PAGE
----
“Breathe,” I tell myself as I approach the start line. I’m on the world stage, at the Tokyo Paralympic Games, about to race the final of the Va’a outrigger canoe in the VL2 classification. Achieving the second-fastest heat time earned me the middle lane, prime position. I hear my name and country announced over the loudspeaker. There is silence afterward and no applause.
The stands are empty, a reminder of the COVID-19 virus raging across Japan that robbed us of what would have been a sold-out venue of cheering fans. It’s a real shame compared to my Paralympic debut in Rio 2016 when the crowds were wild. Brazilians love to party, and a fair few Australians had made the trek to join the festivities. The support was incredible, and the noise was like nothing I had ever experienced before.
But honestly, the lack of a crowd doesn’t affect my racing. I pull my blade through the water propelling the boat forward into the start bucket. I look down my lane toward the beautiful Tokyo Gate Bridge and take another deep breath. The starter calls, “Hold your boats, ready, set.” The bucket drops beneath the water, and that’s all I remember… the race is a blur.
|Looking Back and Forward|
As I watched the replay of the race, my memories flooded back. I recalled changing my paddle from my left hand to my right to steer the boat and some powerful strokes to pull away from the field at the finish line. Out of the corner of my left eye, I saw my opponent in front of me. I felt extreme happiness and relief — I knew I had the silver. A medal is what you dream of and the reward for many years of hard work, dedication and sacrifice.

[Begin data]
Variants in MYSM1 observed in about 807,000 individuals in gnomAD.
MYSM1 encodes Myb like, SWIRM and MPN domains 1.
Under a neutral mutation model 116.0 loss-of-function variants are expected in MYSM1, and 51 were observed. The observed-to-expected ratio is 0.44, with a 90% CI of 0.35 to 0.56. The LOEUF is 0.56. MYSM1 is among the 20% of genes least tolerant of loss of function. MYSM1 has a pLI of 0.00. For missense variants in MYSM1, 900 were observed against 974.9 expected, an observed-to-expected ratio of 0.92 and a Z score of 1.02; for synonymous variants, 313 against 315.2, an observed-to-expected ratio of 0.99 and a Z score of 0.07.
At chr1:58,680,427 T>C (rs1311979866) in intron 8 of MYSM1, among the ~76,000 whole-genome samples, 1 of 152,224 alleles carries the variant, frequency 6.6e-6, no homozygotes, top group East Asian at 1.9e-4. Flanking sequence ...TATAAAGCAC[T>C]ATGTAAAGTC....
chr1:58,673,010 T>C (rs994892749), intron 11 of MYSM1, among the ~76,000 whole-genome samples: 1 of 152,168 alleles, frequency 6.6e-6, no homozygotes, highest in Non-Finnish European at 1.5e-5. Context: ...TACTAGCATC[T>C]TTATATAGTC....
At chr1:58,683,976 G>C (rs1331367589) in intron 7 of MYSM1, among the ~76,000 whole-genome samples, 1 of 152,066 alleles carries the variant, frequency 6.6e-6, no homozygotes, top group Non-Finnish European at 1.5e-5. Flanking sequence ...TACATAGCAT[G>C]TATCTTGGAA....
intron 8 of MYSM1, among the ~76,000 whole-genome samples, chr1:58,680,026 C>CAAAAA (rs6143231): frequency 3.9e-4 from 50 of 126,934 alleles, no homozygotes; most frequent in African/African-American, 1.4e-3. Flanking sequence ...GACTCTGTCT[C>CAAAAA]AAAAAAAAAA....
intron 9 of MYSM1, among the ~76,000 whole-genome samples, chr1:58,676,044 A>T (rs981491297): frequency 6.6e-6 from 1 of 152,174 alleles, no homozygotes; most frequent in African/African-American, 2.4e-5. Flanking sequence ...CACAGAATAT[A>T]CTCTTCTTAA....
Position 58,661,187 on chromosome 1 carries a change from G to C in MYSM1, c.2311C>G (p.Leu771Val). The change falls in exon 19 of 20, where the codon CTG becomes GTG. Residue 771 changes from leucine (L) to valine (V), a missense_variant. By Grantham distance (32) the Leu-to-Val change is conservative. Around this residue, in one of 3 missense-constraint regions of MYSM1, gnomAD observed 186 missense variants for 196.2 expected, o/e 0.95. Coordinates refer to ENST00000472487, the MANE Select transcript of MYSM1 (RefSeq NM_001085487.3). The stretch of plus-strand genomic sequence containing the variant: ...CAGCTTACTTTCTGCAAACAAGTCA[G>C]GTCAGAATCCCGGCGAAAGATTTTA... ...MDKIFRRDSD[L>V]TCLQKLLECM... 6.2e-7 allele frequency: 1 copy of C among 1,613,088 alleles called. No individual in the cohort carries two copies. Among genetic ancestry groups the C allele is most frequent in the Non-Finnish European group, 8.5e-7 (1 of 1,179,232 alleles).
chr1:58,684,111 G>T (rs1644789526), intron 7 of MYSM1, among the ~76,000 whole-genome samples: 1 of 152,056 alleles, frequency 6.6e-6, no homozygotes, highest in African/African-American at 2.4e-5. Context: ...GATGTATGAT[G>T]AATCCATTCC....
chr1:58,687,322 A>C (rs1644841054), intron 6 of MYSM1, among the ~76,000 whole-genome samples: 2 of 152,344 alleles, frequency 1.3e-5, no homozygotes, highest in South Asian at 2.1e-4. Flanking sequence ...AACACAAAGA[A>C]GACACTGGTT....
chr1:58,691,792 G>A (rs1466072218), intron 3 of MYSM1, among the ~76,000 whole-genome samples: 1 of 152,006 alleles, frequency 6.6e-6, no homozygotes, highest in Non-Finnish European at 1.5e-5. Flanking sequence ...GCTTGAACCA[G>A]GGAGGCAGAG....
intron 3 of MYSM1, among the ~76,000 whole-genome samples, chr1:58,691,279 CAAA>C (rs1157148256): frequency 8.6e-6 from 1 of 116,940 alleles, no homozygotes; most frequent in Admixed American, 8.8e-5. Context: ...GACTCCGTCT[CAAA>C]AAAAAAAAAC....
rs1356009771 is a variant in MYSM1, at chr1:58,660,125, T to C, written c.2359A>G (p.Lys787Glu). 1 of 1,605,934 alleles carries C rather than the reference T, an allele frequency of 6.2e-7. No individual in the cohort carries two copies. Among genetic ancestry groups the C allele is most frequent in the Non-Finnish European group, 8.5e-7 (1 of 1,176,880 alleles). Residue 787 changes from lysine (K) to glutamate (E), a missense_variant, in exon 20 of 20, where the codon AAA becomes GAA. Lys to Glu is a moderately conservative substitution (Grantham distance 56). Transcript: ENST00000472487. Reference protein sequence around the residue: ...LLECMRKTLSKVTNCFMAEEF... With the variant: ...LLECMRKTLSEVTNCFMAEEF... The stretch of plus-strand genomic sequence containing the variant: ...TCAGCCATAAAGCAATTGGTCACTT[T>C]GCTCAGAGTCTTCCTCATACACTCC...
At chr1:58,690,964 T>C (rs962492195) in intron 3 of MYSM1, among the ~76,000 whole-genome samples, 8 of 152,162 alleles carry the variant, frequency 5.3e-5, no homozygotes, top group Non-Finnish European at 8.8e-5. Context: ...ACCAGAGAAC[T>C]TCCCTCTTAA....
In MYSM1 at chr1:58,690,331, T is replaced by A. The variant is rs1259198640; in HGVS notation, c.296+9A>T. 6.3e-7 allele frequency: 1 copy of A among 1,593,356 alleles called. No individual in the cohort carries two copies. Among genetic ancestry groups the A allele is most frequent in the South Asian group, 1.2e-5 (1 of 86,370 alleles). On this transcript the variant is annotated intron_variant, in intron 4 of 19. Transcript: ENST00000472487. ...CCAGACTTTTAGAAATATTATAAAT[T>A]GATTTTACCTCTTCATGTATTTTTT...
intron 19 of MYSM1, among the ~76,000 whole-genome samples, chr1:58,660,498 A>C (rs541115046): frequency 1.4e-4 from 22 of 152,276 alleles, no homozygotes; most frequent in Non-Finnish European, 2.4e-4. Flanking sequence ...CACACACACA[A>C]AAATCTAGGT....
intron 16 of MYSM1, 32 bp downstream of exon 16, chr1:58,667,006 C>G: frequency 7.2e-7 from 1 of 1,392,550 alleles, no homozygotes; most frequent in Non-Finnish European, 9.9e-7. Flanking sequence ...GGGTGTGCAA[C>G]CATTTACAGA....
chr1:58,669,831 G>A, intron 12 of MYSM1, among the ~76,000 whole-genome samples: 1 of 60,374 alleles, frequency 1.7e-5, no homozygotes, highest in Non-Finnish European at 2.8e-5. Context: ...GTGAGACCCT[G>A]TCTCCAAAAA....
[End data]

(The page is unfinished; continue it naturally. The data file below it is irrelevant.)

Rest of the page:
The medal ceremony took place about an hour after the race. We were given a lot of instructions before the ceremony around COVID-19 protocols. Traditionally the medals are handed to the winners by dignitaries, but this time the athletes had to collect them from a tray. I was slightly overwhelmed by the occasion and completely stuffed this up by instinctively reaching for the medal in the middle — the gold — and was hastily corrected. The gold medalist asked if she could present my medal to me. Breaking all COVID protocols, she did, along with a big hug. I was honored and bursting with pride.
The next day I had another opportunity to medal in the KL2 kayak final. In Paracanoe at the Rio 2016 Paralympics, I made history as the first Australian ever to win a medal in a kayaking event. It was bronze, and I dreamed of repeat success here. I missed out on automatic progression and had to do a semifinal an hour before the final. Despite my great start in the semifinal, I did just enough to claim the slowest qualifying time.
I gave it everything I had left from lane one but placed a disappointing seventh in the final. After the race, I cooled down, paddling away from the course and realized this was my last paddle in Tokyo. Feelings of sadness hit suddenly, and tears welled in my eyes. I was sad that Tokyo was over, and the five-year rollercoaster campaign to get here had taken a toll. However, a few moments later, I felt happy again and found myself dreaming of being at home and taking my Oru kayak out to the beach to enjoy some recreational paddling before getting back into training to chase my next dream: Paris 2024.
|Susan Seipel is an Australian paralympian who has also won three world championship gold medals in outrigger canoe. To learn more about outrigger canoe racing, watch the video below of her breaking down her 200 meter final at the 2019 Paracanoe World Championships.|
|Athlete View: VL2 Women 200 Final – 2019 ICF Paracanoe World Champs. We’re continuing our throwback to last year’s Paracanoe World Champs with the VL2 Women 200 Final and Susan Seipel – Paralympian sharing her #athleteview on this race with some insights into the Vaa’ outrigger canoe class that will premier at the Tokyo 2020 Paralympic Games next year! Susan not only won silver, but also secured the Australian Paralympic Team quota spot in Szeged. Congratulations Susan and to world champion Emma Wiggs! PaddleAustralia. Youtube May 23, 2020|
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